Tellingly, about the only attraction for which there wasn’t a line was Coolio, who was there signing copies of his new cookbook, Cookin’ with Coolio. (Coolio also had a tent where he was selling his “Soul Rolls,” which are essentially turkey burgers stuffed inside egg rolls and deep fried.) Coolio told me that the hardest part about writing a cookbook was coming up with appropriate names for the recipes. “We named [a dish] one thing, then we went back and said ‘I got a better name,’ ” he recalled.

I suspect that Coolio might not have actually spent all that much time working on his cookbook, which might explain why GoogaMooga patrons mostly left him alone. But there’s something to be said for the Coolio approach—or, at least, something to be said against thinking about food so much that it becomes a fetish.

Because, in concept and execution, it was fetishization rather than convenience that motivated GoogaMooga. So much of the festival seemed designed to congratulate those self-satisfied consumers who act like they deserve a Congressional Medal of Honor for spending $10 on a bratwurst. It was an amalgamation of everything hate-worthy about ingredient nerds: misallocated priorities and a misplaced faith in the transcendence of food prepared by semi-famous people.

You can conceive of a food festival that might actually prioritize the discovery of new, underexposed cuisines or cooks, rather than focus so intently on the overexposed celebrity chefs whose reputations have been made on their telegenicity and marketing savvy as much as on their cooking prowess. Imagine a GoogaMooga with vendors selected from the ethnic restaurants of Flushing, Queens; or from around the country, not just from New York. That would’ve been something worth waiting in line for.

But GoogaMooga’s organizers eschewed this approach because, no matter how good the food, anonymous restaurants in charmless settings challenge the unspoken foodie assumption that every meal has to be an experience, and every chef has to be an artist. This was a recurring theme at GoogaMooga—huge signs informed patrons that they were entering the “Hamburger Experience,” or the “Pizza Experience,” or the “Coffee Experience.” At a beer-and-bacon pairing (that was short on both beer and bacon), country ham expert Allan Benton was greeted like he was Albert Schweitzer; a crowd gathered to watch celebrity chef April Bloomfield butcher a pig, as if she were Hemingway diagramming a sentence.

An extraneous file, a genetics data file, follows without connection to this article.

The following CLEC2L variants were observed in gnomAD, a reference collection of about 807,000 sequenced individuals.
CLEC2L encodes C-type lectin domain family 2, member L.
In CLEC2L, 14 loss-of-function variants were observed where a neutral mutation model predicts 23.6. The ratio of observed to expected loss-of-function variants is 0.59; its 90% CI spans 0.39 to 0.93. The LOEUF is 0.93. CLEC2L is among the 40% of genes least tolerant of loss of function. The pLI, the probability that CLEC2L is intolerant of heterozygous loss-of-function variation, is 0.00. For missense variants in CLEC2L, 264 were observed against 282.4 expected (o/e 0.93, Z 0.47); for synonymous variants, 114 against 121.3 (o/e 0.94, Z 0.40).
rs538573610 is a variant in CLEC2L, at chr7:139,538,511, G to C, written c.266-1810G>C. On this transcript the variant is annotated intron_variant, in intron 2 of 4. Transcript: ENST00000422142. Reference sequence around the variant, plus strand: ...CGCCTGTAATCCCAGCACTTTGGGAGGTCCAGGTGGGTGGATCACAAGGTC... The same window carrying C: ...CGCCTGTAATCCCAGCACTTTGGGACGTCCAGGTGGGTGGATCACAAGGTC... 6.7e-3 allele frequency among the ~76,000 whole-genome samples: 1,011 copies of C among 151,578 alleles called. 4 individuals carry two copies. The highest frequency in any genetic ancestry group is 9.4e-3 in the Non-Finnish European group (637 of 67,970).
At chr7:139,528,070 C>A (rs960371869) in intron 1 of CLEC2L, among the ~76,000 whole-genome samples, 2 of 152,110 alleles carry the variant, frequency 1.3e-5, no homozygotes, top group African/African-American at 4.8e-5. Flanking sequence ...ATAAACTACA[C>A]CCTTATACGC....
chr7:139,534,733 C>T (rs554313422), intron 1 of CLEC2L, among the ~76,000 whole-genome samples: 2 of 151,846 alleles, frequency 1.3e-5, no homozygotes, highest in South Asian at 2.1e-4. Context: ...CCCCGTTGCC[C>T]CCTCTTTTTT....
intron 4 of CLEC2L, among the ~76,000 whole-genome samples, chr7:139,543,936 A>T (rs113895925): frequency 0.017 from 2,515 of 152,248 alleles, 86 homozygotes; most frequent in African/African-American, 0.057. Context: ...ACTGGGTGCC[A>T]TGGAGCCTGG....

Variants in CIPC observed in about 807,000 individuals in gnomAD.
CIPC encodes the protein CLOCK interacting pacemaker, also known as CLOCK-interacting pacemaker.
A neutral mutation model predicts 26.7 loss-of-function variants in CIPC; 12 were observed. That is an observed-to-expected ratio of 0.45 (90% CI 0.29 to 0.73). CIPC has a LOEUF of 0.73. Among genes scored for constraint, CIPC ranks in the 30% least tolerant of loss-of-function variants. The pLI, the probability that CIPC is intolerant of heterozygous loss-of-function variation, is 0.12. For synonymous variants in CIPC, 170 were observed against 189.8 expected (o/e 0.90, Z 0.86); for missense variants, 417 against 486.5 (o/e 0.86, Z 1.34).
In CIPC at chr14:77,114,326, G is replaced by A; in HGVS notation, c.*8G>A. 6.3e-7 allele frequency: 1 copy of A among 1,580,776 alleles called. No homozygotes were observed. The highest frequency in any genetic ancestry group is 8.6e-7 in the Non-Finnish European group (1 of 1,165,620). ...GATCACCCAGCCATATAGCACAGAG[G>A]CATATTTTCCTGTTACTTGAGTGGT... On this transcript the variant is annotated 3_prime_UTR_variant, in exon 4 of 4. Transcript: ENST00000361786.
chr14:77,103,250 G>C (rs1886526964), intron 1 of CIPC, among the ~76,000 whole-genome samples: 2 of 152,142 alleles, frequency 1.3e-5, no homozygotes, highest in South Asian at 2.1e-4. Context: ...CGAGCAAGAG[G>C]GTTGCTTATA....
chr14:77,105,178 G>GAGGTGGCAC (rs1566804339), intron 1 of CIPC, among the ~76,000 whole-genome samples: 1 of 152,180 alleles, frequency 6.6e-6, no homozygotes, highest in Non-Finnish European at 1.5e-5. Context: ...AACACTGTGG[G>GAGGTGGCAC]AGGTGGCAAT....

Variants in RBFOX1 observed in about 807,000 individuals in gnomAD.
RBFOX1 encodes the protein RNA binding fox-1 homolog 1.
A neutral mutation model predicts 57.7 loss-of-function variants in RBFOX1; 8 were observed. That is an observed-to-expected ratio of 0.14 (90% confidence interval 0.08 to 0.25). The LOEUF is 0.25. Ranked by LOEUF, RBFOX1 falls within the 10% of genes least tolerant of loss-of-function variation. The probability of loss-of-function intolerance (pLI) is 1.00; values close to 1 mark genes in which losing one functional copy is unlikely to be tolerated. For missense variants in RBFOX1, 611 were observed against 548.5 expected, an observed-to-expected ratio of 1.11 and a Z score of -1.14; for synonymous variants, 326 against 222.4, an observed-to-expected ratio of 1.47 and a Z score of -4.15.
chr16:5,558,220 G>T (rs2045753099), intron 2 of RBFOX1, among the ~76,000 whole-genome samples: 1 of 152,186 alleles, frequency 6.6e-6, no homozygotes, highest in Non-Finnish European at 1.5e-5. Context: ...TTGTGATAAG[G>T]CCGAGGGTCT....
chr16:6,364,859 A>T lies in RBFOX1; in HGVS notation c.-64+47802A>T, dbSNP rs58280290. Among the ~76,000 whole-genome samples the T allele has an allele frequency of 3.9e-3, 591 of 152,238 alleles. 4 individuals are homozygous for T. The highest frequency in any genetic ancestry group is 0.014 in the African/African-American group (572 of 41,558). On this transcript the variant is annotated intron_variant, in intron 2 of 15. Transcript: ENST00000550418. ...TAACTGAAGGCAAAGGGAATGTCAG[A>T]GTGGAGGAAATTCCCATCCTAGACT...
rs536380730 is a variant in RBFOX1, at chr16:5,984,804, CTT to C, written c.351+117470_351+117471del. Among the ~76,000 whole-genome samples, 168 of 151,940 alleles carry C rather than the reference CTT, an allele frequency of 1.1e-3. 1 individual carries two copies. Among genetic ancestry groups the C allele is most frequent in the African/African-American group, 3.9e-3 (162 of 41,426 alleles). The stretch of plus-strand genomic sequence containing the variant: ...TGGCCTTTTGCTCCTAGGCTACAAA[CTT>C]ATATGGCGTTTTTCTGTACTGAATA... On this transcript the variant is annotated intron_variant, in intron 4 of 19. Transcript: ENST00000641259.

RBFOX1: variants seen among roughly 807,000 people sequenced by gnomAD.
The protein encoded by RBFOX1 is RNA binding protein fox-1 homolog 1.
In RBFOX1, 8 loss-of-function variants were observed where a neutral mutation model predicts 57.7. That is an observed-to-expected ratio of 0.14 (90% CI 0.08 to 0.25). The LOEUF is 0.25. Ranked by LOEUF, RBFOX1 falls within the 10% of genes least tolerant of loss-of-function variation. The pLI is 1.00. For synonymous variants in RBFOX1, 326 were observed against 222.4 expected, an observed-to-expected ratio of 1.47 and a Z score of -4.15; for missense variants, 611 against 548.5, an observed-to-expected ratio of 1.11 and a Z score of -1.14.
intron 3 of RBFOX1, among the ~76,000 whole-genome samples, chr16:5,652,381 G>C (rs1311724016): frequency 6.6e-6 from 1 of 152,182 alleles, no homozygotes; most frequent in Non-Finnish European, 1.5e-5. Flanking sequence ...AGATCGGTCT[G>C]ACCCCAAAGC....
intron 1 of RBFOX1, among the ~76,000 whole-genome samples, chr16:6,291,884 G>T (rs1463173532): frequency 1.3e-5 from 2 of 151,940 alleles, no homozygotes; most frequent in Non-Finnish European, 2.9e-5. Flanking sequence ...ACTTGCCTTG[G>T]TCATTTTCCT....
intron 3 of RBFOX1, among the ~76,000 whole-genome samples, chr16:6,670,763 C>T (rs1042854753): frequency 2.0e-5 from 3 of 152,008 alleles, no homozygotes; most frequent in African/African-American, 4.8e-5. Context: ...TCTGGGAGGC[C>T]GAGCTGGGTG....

“Food is the new music” and “chefs are the new rock stars” are the sorts of things often said by dull people in the habit of comparing dissimilar things in order to sound sophisticated. It’s a terrible comparison. Music is populist. If you’ve got ears and a Spotify account (or a radio), you can enjoy a song—doesn’t matter who you are or where you came from. Fancy food is different. The least expensive entrée at April Bloomfield’s restaurant, The Breslin, costs $21. Bloomfield makes food for rich people to excrete.

The trend toward locally, ethically sourced ingredients prepared thoughtfully is a good one, and you can hardly fault conscientious eaters for preferring and celebrating that sort of food. But foodies’ focus on ingredient and chef pedigree has morphed into an aesthetic cult for the wealthy in which status trumps sustainability. Any obsession becomes silly if taken too far, and the misguided Brooklyn food culture that birthed the Great GoogaMooga is silly to the extreme. Maybe GoogaMooga was a fitting name, after all. This certainly wasn’t the “food and drink lover’s wonderland” that attendees were promised. But it may have been the one they deserved.